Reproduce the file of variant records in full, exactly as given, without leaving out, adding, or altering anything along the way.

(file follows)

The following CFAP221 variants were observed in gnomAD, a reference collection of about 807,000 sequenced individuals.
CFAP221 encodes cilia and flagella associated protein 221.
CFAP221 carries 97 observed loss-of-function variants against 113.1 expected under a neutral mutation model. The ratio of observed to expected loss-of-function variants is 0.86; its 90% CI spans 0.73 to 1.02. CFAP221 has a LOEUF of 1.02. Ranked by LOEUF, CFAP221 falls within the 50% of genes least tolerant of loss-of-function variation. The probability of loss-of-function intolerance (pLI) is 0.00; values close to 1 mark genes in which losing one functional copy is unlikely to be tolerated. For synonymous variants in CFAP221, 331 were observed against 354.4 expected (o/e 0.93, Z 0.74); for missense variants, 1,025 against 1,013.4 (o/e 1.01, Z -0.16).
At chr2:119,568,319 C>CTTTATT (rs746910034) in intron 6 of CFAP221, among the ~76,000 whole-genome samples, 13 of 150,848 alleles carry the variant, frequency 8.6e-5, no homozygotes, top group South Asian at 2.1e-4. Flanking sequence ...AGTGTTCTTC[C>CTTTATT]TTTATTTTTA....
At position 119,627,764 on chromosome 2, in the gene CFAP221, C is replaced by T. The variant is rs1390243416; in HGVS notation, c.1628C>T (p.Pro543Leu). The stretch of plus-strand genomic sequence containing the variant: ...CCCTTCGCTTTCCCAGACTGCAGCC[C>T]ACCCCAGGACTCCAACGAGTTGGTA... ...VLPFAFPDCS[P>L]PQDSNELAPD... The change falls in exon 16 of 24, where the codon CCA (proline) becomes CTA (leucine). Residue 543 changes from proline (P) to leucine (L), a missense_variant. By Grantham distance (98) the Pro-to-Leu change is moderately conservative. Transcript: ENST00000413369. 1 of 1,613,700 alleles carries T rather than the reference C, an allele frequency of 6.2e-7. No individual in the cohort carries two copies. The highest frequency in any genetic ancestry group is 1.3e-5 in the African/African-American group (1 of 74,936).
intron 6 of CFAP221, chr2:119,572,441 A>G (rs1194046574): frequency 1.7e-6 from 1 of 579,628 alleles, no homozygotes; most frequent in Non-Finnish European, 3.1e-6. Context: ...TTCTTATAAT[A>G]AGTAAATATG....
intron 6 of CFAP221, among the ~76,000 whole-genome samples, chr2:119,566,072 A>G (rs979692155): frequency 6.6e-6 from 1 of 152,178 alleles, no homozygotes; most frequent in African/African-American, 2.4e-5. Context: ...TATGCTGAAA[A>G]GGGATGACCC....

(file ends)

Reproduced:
The following CFAP221 variants were observed in gnomAD, a reference collection of about 807,000 sequenced individuals.
CFAP221 encodes cilia and flagella associated protein 221.
CFAP221 carries 97 observed loss-of-function variants against 113.1 expected under a neutral mutation model. The ratio of observed to expected loss-of-function variants is 0.86; its 90% CI spans 0.73 to 1.02. CFAP221 has a LOEUF of 1.02. Ranked by LOEUF, CFAP221 falls within the 50% of genes least tolerant of loss-of-function variation. The probability of loss-of-function intolerance (pLI) is 0.00; values close to 1 mark genes in which losing one functional copy is unlikely to be tolerated. For synonymous variants in CFAP221, 331 were observed against 354.4 expected (o/e 0.93, Z 0.74); for missense variants, 1,025 against 1,013.4 (o/e 1.01, Z -0.16).
At chr2:119,568,319 C>CTTTATT (rs746910034) in intron 6 of CFAP221, among the ~76,000 whole-genome samples, 13 of 150,848 alleles carry the variant, frequency 8.6e-5, no homozygotes, top group South Asian at 2.1e-4. Flanking sequence ...AGTGTTCTTC[C>CTTTATT]TTTATTTTTA....
At position 119,627,764 on chromosome 2, in the gene CFAP221, C is replaced by T. The variant is rs1390243416; in HGVS notation, c.1628C>T (p.Pro543Leu). The stretch of plus-strand genomic sequence containing the variant: ...CCCTTCGCTTTCCCAGACTGCAGCC[C>T]ACCCCAGGACTCCAACGAGTTGGTA... ...VLPFAFPDCS[P>L]PQDSNELAPD... The change falls in exon 16 of 24, where the codon CCA (proline) becomes CTA (leucine). Residue 543 changes from proline (P) to leucine (L), a missense_variant. By Grantham distance (98) the Pro-to-Leu change is moderately conservative. Transcript: ENST00000413369. 1 of 1,613,700 alleles carries T rather than the reference C, an allele frequency of 6.2e-7. No individual in the cohort carries two copies. The highest frequency in any genetic ancestry group is 1.3e-5 in the African/African-American group (1 of 74,936).
intron 6 of CFAP221, chr2:119,572,441 A>G (rs1194046574): frequency 1.7e-6 from 1 of 579,628 alleles, no homozygotes; most frequent in Non-Finnish European, 3.1e-6. Context: ...TTCTTATAAT[A>G]AGTAAATATG....
intron 6 of CFAP221, among the ~76,000 whole-genome samples, chr2:119,566,072 A>G (rs979692155): frequency 6.6e-6 from 1 of 152,178 alleles, no homozygotes; most frequent in African/African-American, 2.4e-5. Context: ...TATGCTGAAA[A>G]GGGATGACCC....